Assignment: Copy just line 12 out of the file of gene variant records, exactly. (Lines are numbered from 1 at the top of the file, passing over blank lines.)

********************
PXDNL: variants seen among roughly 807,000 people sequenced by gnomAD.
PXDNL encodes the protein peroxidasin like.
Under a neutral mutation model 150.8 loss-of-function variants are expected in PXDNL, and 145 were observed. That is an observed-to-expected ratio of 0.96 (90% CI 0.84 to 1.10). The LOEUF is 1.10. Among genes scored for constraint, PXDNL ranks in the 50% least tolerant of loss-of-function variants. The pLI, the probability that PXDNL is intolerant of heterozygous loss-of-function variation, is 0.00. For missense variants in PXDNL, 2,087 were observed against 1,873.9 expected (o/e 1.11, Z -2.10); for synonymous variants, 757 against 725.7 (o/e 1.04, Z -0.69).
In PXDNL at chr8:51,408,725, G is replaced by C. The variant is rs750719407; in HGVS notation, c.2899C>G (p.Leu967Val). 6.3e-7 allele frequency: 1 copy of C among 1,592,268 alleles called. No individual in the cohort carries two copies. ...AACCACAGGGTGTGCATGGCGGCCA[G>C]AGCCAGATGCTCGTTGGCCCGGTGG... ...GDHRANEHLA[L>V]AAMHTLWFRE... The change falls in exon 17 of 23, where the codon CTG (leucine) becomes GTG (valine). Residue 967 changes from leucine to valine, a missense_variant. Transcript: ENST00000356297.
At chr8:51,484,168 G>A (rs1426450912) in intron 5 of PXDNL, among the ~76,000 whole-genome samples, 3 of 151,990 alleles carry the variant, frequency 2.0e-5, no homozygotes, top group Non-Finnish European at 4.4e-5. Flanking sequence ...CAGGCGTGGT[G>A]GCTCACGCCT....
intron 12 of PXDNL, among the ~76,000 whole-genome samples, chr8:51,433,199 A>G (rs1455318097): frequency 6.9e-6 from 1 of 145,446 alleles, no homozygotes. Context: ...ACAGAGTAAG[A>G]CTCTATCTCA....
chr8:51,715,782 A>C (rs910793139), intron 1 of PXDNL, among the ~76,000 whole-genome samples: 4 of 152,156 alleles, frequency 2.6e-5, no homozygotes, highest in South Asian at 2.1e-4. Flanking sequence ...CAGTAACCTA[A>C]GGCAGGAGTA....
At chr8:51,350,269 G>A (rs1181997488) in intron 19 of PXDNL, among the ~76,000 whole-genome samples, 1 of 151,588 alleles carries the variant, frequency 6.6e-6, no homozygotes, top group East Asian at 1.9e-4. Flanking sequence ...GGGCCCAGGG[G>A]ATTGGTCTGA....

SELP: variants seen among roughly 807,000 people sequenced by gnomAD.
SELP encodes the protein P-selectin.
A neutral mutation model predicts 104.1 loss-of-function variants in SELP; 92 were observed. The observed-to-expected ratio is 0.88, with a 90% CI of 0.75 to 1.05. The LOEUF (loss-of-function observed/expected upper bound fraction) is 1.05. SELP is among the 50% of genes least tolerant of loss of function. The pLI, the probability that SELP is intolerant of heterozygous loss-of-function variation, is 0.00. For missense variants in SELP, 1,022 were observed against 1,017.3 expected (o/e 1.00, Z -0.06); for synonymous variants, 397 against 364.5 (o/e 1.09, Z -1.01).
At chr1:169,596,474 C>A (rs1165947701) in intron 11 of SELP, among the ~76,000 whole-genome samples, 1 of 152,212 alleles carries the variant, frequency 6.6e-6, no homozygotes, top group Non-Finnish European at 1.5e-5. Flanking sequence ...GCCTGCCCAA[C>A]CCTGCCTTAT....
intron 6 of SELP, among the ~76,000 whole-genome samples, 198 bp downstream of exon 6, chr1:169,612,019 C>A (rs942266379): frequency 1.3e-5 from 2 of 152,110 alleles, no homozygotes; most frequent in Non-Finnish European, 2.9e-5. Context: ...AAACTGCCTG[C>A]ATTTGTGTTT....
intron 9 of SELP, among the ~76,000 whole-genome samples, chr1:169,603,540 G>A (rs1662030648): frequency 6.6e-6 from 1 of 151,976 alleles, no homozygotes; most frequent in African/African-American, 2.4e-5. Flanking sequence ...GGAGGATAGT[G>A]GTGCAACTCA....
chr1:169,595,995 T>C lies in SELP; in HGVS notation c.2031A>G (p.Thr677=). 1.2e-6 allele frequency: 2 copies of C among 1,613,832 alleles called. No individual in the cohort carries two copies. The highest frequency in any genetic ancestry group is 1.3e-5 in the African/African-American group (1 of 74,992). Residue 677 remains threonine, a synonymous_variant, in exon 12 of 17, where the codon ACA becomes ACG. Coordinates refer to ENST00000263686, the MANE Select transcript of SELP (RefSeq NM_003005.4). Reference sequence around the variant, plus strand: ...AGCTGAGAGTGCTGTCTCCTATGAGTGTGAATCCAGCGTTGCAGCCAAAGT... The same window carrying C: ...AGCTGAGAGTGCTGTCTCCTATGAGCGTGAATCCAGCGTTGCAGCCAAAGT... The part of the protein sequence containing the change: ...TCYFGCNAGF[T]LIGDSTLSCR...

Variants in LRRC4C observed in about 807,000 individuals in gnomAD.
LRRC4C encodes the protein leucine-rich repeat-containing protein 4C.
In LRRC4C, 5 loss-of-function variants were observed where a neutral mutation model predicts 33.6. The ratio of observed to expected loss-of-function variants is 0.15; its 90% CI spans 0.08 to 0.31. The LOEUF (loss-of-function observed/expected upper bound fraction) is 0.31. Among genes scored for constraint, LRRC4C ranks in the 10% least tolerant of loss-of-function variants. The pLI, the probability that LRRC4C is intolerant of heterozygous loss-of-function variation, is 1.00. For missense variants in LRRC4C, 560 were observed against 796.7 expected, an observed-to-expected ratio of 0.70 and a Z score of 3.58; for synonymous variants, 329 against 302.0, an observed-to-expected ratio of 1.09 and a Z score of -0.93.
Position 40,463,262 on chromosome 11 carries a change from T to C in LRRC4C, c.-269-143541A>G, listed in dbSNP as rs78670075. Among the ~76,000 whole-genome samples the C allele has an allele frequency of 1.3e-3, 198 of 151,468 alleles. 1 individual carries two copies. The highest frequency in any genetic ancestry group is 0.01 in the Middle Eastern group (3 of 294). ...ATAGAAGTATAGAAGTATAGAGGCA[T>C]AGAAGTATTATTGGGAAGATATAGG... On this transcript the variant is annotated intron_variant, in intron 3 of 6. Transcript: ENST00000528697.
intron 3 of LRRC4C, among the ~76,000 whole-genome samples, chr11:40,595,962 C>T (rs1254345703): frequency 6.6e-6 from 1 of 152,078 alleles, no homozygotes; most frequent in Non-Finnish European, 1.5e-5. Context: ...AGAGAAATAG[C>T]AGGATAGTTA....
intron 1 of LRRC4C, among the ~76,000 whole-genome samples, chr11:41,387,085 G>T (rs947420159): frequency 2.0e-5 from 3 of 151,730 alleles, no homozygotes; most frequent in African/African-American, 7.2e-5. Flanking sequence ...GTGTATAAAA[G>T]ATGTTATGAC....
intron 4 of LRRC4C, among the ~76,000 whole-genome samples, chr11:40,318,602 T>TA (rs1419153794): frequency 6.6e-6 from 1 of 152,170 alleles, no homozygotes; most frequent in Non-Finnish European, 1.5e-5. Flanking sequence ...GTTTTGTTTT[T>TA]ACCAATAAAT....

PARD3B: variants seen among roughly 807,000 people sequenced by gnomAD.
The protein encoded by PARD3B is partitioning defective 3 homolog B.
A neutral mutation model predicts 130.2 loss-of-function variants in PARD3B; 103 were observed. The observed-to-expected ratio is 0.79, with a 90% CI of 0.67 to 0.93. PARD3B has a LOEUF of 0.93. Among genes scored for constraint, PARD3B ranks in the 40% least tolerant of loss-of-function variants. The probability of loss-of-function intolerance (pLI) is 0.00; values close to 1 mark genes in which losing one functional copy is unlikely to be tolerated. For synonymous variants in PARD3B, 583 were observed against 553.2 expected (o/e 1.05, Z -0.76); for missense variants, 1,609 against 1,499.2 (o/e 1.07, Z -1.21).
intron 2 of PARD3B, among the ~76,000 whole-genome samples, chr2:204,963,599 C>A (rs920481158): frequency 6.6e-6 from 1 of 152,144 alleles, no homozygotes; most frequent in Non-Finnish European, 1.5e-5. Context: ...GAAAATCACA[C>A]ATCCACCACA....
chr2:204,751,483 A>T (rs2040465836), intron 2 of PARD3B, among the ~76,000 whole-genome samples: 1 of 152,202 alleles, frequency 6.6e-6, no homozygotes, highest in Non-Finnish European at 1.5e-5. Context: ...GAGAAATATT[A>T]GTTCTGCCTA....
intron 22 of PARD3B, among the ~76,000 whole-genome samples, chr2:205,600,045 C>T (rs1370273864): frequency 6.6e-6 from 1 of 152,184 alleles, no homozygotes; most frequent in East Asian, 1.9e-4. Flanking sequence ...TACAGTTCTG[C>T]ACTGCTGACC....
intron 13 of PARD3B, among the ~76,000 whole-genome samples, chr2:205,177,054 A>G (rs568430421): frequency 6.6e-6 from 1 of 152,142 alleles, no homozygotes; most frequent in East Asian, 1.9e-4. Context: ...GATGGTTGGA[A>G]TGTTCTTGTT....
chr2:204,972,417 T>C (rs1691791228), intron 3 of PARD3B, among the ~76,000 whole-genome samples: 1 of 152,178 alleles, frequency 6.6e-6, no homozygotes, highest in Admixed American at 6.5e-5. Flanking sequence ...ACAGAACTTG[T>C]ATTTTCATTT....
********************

At chr1:169,596,474 C>A (rs1165947701) in intron 11 of SELP, among the ~76,000 whole-genome samples, 1 of 152,212 alleles carries the variant, frequency 6.6e-6, no homozygotes, top group Non-Finnish European at 1.5e-5. Flanking sequence ...GCCTGCCCAA[C>A]CCTGCCTTAT....